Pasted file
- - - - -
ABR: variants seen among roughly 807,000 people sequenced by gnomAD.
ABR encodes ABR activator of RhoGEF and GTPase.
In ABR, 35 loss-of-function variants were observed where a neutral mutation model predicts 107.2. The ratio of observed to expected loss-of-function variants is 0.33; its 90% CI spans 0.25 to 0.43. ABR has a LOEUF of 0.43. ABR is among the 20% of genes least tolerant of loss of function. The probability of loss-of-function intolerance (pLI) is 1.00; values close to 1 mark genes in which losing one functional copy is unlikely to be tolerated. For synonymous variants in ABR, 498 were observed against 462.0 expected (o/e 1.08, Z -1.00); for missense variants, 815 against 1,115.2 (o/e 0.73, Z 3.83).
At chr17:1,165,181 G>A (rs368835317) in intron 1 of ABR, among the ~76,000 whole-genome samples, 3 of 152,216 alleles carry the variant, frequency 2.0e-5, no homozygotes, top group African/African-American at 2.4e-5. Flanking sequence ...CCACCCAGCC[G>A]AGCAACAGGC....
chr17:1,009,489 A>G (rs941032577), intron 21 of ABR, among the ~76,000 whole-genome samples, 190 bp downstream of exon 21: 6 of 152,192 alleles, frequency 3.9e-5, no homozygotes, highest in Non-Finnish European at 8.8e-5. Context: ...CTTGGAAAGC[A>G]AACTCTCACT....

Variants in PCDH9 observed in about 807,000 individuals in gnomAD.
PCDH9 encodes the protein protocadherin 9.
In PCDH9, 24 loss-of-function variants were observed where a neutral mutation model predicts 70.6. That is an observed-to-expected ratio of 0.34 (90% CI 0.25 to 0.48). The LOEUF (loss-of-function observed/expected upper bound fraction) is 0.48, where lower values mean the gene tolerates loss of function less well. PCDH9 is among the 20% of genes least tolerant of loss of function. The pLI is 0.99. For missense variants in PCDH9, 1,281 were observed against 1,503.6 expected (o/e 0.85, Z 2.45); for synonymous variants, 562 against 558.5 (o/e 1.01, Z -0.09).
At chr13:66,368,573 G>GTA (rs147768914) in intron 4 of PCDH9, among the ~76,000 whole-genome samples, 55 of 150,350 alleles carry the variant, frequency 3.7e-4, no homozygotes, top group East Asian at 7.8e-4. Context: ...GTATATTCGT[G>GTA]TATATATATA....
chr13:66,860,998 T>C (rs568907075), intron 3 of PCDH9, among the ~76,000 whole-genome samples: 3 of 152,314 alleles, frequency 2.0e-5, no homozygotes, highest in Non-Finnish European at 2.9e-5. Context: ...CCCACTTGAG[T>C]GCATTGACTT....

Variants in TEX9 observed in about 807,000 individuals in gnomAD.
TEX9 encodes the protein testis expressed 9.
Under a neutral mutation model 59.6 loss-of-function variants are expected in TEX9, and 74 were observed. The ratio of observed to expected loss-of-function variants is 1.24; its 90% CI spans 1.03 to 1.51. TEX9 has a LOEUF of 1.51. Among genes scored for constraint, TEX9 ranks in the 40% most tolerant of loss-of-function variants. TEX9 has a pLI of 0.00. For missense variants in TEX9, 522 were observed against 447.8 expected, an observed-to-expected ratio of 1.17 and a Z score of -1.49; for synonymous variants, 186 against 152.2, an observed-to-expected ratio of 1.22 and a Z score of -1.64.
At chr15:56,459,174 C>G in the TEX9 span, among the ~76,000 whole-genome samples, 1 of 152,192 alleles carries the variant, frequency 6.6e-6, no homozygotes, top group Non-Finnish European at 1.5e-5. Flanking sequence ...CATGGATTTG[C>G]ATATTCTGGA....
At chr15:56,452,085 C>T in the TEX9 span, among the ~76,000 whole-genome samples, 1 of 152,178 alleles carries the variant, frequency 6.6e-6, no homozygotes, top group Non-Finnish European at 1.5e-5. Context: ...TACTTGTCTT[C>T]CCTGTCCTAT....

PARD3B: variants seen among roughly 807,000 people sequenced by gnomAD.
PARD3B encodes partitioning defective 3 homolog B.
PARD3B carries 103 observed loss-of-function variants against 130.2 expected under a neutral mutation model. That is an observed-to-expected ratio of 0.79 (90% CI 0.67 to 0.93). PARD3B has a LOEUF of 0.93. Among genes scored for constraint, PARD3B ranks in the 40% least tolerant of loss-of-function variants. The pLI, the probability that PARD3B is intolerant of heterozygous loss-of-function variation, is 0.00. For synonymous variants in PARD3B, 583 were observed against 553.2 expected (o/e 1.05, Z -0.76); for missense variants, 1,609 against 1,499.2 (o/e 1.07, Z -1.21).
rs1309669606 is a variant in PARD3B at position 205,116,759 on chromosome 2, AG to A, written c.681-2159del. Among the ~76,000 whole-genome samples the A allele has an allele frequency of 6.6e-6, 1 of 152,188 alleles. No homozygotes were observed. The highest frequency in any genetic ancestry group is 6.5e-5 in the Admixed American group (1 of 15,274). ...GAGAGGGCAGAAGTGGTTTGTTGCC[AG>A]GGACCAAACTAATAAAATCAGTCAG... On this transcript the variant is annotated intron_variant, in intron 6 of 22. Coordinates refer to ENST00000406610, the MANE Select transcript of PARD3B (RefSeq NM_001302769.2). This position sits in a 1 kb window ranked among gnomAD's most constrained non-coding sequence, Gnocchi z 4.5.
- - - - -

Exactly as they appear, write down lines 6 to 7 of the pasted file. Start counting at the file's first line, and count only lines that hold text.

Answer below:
Variants in PCDH9 observed in about 807,000 individuals in gnomAD.
PCDH9 encodes the protein protocadherin 9.